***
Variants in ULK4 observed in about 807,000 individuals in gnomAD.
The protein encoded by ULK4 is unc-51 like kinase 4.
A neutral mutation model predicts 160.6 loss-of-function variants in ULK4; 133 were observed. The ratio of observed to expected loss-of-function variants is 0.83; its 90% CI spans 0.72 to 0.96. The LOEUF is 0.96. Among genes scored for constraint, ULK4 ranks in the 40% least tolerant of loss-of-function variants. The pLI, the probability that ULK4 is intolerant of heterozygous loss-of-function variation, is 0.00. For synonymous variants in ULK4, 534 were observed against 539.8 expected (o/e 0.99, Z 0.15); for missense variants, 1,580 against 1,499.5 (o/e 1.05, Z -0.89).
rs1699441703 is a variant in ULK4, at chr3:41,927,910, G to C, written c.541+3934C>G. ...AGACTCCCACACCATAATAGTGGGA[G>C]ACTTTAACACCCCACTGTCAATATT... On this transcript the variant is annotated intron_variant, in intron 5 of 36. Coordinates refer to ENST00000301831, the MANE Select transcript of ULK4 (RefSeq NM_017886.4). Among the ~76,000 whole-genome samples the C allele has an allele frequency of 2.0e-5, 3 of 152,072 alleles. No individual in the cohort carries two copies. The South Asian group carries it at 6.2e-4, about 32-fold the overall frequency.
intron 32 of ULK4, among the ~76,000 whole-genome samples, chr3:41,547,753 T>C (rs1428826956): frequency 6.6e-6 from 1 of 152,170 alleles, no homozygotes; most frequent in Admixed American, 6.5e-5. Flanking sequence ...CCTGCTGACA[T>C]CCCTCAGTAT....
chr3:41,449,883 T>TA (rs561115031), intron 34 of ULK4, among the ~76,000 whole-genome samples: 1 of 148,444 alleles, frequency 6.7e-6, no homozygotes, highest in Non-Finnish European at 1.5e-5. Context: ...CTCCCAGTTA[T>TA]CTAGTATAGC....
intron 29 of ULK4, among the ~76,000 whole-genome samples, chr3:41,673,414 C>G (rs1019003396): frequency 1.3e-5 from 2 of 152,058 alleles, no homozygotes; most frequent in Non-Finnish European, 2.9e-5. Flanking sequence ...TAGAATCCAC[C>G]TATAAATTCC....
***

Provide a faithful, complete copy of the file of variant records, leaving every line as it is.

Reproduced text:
Variants in ULK4 observed in about 807,000 individuals in gnomAD.
The protein encoded by ULK4 is unc-51 like kinase 4.
A neutral mutation model predicts 160.6 loss-of-function variants in ULK4; 133 were observed. The ratio of observed to expected loss-of-function variants is 0.83; its 90% CI spans 0.72 to 0.96. The LOEUF is 0.96. Among genes scored for constraint, ULK4 ranks in the 40% least tolerant of loss-of-function variants. The pLI, the probability that ULK4 is intolerant of heterozygous loss-of-function variation, is 0.00. For synonymous variants in ULK4, 534 were observed against 539.8 expected (o/e 0.99, Z 0.15); for missense variants, 1,580 against 1,499.5 (o/e 1.05, Z -0.89).
rs1699441703 is a variant in ULK4, at chr3:41,927,910, G to C, written c.541+3934C>G. ...AGACTCCCACACCATAATAGTGGGA[G>C]ACTTTAACACCCCACTGTCAATATT... On this transcript the variant is annotated intron_variant, in intron 5 of 36. Coordinates refer to ENST00000301831, the MANE Select transcript of ULK4 (RefSeq NM_017886.4). Among the ~76,000 whole-genome samples the C allele has an allele frequency of 2.0e-5, 3 of 152,072 alleles. No individual in the cohort carries two copies. The South Asian group carries it at 6.2e-4, about 32-fold the overall frequency.
intron 32 of ULK4, among the ~76,000 whole-genome samples, chr3:41,547,753 T>C (rs1428826956): frequency 6.6e-6 from 1 of 152,170 alleles, no homozygotes; most frequent in Admixed American, 6.5e-5. Flanking sequence ...CCTGCTGACA[T>C]CCCTCAGTAT....
chr3:41,449,883 T>TA (rs561115031), intron 34 of ULK4, among the ~76,000 whole-genome samples: 1 of 148,444 alleles, frequency 6.7e-6, no homozygotes, highest in Non-Finnish European at 1.5e-5. Context: ...CTCCCAGTTA[T>TA]CTAGTATAGC....
intron 29 of ULK4, among the ~76,000 whole-genome samples, chr3:41,673,414 C>G (rs1019003396): frequency 1.3e-5 from 2 of 152,058 alleles, no homozygotes; most frequent in Non-Finnish European, 2.9e-5. Flanking sequence ...TAGAATCCAC[C>G]TATAAATTCC....